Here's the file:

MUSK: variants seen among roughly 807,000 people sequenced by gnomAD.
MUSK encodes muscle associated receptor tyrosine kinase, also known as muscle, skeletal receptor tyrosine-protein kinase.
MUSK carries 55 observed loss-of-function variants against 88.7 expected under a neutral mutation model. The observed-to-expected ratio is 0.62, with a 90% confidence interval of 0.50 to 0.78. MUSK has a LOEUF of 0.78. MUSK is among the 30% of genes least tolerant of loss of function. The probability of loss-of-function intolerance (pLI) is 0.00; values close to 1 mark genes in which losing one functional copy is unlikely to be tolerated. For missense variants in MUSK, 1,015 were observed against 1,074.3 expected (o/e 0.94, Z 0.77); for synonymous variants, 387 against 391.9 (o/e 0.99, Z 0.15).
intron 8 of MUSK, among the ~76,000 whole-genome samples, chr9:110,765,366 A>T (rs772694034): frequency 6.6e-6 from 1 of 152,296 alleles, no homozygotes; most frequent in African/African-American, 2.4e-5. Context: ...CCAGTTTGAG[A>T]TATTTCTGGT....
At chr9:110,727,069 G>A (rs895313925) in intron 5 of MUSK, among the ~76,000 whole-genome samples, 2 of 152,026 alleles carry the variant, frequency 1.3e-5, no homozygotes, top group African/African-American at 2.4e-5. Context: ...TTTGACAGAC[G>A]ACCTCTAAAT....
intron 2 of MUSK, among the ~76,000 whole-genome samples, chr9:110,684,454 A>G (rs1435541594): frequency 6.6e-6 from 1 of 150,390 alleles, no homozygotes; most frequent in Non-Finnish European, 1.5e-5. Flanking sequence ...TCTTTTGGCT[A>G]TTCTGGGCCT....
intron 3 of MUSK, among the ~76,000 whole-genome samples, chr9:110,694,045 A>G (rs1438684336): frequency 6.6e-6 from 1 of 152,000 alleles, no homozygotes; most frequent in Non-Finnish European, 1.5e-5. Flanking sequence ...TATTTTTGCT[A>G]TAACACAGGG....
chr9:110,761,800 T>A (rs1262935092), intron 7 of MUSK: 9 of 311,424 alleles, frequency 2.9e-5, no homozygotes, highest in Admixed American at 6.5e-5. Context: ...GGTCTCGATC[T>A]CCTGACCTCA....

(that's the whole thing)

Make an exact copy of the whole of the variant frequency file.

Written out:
MUSK: variants seen among roughly 807,000 people sequenced by gnomAD.
MUSK encodes muscle associated receptor tyrosine kinase, also known as muscle, skeletal receptor tyrosine-protein kinase.
MUSK carries 55 observed loss-of-function variants against 88.7 expected under a neutral mutation model. The observed-to-expected ratio is 0.62, with a 90% confidence interval of 0.50 to 0.78. MUSK has a LOEUF of 0.78. MUSK is among the 30% of genes least tolerant of loss of function. The probability of loss-of-function intolerance (pLI) is 0.00; values close to 1 mark genes in which losing one functional copy is unlikely to be tolerated. For missense variants in MUSK, 1,015 were observed against 1,074.3 expected (o/e 0.94, Z 0.77); for synonymous variants, 387 against 391.9 (o/e 0.99, Z 0.15).
intron 8 of MUSK, among the ~76,000 whole-genome samples, chr9:110,765,366 A>T (rs772694034): frequency 6.6e-6 from 1 of 152,296 alleles, no homozygotes; most frequent in African/African-American, 2.4e-5. Context: ...CCAGTTTGAG[A>T]TATTTCTGGT....
At chr9:110,727,069 G>A (rs895313925) in intron 5 of MUSK, among the ~76,000 whole-genome samples, 2 of 152,026 alleles carry the variant, frequency 1.3e-5, no homozygotes, top group African/African-American at 2.4e-5. Context: ...TTTGACAGAC[G>A]ACCTCTAAAT....
intron 2 of MUSK, among the ~76,000 whole-genome samples, chr9:110,684,454 A>G (rs1435541594): frequency 6.6e-6 from 1 of 150,390 alleles, no homozygotes; most frequent in Non-Finnish European, 1.5e-5. Flanking sequence ...TCTTTTGGCT[A>G]TTCTGGGCCT....
intron 3 of MUSK, among the ~76,000 whole-genome samples, chr9:110,694,045 A>G (rs1438684336): frequency 6.6e-6 from 1 of 152,000 alleles, no homozygotes; most frequent in Non-Finnish European, 1.5e-5. Flanking sequence ...TATTTTTGCT[A>G]TAACACAGGG....
chr9:110,761,800 T>A (rs1262935092), intron 7 of MUSK: 9 of 311,424 alleles, frequency 2.9e-5, no homozygotes, highest in Admixed American at 6.5e-5. Context: ...GGTCTCGATC[T>A]CCTGACCTCA....